Concerning protection monitoring and follow-up by humanitarian actors, working groups on sexual violence (chaired by UNFPA) have been set up in a number of places, as have working groups on child protection (chaired by UNICEF, the MONUC Child Protection Unit or NGOs such as Save the Children). However, no overarching Protection Working Groups have been set up. The Special Advisor to the Humanitarian Coordinator on Protection of Civilians has recommended the establishment of Protection Working Groups in eight hubs, namely Bunia, Beni, Goma, Bukavu, Kalemie, Lubumbashi, Kisangani, Kindu and Kinshasa. If established, such working groups would include a focus on issues relating particularly to displacement and return of displaced persons, such as disputes over property rights, which is a serious obstacle to return in many places.

Coordination and funding

While a number of agencies are involved in activities related to return and reintegration, there is as yet no overall strategic framework. As a result, in most cases humanitarian and development actors operate in separate worlds. UNOPS, for example, has a large programme in the DRC, yet few efforts have been made to engage it in rehabilitation projects specifically in areas of return. The planned establishment of a Return and Reintegration Working Group in Kinshasa, to be jointly chaired by UNDP and UNHCR, should help in this regard.

The Humanitarian Affairs Section of MONUC is proactive and has been extremely helpful in terms of facilitating humanitarian activities. Discussions with humanitarian staff in the field, however, indicate that in many places the links between humanitarian actors and the MONUC Human Rights Section on protection-related issues need strengthening. The MONUC Human Rights Section has 17 field offices, with one international Human Rights Officer in each and sometimes also one UNV.

The Transitional Government, established in June 2003, continues to struggle to affirm its authority in much of the eastern part of the country. This makes it difficult in places such as South Kivu for humanitarian and development actors to work closely with local counterparts. The proliferation of Ministries at the Kinshasa level has also complicated coordination arrangements - more than 50 were created, to allow all the parties to get Government posts. This has meant that return and reintegration activities are handled by at least four different Ministries. This is unlikely to change until after the elections, which will probably not take place until some time in 2006. However, in spite of the difficulties, there is general recognition that humanitarian actors need to involve local counterparts more in planning and implementation of return and reintegration efforts, if these are to be sustainable in the longer term.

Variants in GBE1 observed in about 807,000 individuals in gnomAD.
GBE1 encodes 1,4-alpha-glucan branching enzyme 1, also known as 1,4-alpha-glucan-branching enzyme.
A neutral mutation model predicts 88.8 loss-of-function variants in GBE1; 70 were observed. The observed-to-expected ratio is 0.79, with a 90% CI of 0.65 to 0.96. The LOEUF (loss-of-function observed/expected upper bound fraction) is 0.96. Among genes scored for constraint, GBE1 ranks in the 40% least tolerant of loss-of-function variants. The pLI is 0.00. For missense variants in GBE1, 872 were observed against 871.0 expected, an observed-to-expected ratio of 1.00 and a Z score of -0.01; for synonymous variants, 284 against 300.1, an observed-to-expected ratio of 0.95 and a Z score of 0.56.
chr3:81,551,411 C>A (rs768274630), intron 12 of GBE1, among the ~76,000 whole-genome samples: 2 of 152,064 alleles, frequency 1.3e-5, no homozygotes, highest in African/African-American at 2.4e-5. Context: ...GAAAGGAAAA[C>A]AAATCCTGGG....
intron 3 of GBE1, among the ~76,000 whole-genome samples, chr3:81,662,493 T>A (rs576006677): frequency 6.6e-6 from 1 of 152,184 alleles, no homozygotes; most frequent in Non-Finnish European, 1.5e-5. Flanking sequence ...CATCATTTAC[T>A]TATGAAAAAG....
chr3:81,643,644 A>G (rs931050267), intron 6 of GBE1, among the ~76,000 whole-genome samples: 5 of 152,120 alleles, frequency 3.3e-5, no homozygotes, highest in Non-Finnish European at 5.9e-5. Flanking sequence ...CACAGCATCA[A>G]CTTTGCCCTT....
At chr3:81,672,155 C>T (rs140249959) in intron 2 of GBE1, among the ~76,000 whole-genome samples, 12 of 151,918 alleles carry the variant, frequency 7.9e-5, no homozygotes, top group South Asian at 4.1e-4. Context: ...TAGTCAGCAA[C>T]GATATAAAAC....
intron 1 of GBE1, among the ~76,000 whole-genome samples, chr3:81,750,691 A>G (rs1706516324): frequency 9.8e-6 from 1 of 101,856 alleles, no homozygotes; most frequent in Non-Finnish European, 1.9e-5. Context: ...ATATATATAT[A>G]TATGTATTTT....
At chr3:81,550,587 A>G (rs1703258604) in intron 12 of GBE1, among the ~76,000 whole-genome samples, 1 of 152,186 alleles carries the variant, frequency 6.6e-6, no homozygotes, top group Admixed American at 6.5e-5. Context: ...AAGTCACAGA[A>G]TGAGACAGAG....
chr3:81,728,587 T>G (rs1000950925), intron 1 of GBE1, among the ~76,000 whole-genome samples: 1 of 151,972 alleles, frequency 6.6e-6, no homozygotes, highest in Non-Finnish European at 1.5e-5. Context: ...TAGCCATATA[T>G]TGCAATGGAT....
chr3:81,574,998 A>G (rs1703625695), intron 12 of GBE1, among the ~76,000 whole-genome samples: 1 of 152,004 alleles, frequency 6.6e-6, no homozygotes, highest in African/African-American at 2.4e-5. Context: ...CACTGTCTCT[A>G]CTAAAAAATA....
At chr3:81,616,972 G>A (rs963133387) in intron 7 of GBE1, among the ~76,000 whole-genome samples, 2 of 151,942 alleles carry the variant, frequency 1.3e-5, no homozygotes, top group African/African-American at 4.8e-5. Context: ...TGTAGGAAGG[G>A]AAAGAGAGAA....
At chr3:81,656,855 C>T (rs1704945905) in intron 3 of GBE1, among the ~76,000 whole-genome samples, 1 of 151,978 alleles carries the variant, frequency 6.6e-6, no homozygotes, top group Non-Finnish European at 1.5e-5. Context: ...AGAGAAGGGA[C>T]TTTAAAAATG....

Donors' insistence on excluding "transition" activities from the 2005 Consolidated Appeal for the DRC appears to have had the effect of helping to keep the humanitarian and development actors in two separate spheres, hindering efforts to develop a common strategy. Further compounding this, donor representatives in Kinshasa acknowledged to the mission that there is no clear agreement amongst themselves as to what constitutes "transition" activities. The DRC is a pilot country for the Good Humanitarian Donorship Initiative.

RECOMMENDATIONS

Note: Many of the recommendations of the inter-agency mission on internal displacement in the DRC in February 2003 are still valid and some of them are repeated here.

UNDP-LED PILOT PROJECT ON IDP RETURN AND REINTEGRATION

For UNDP: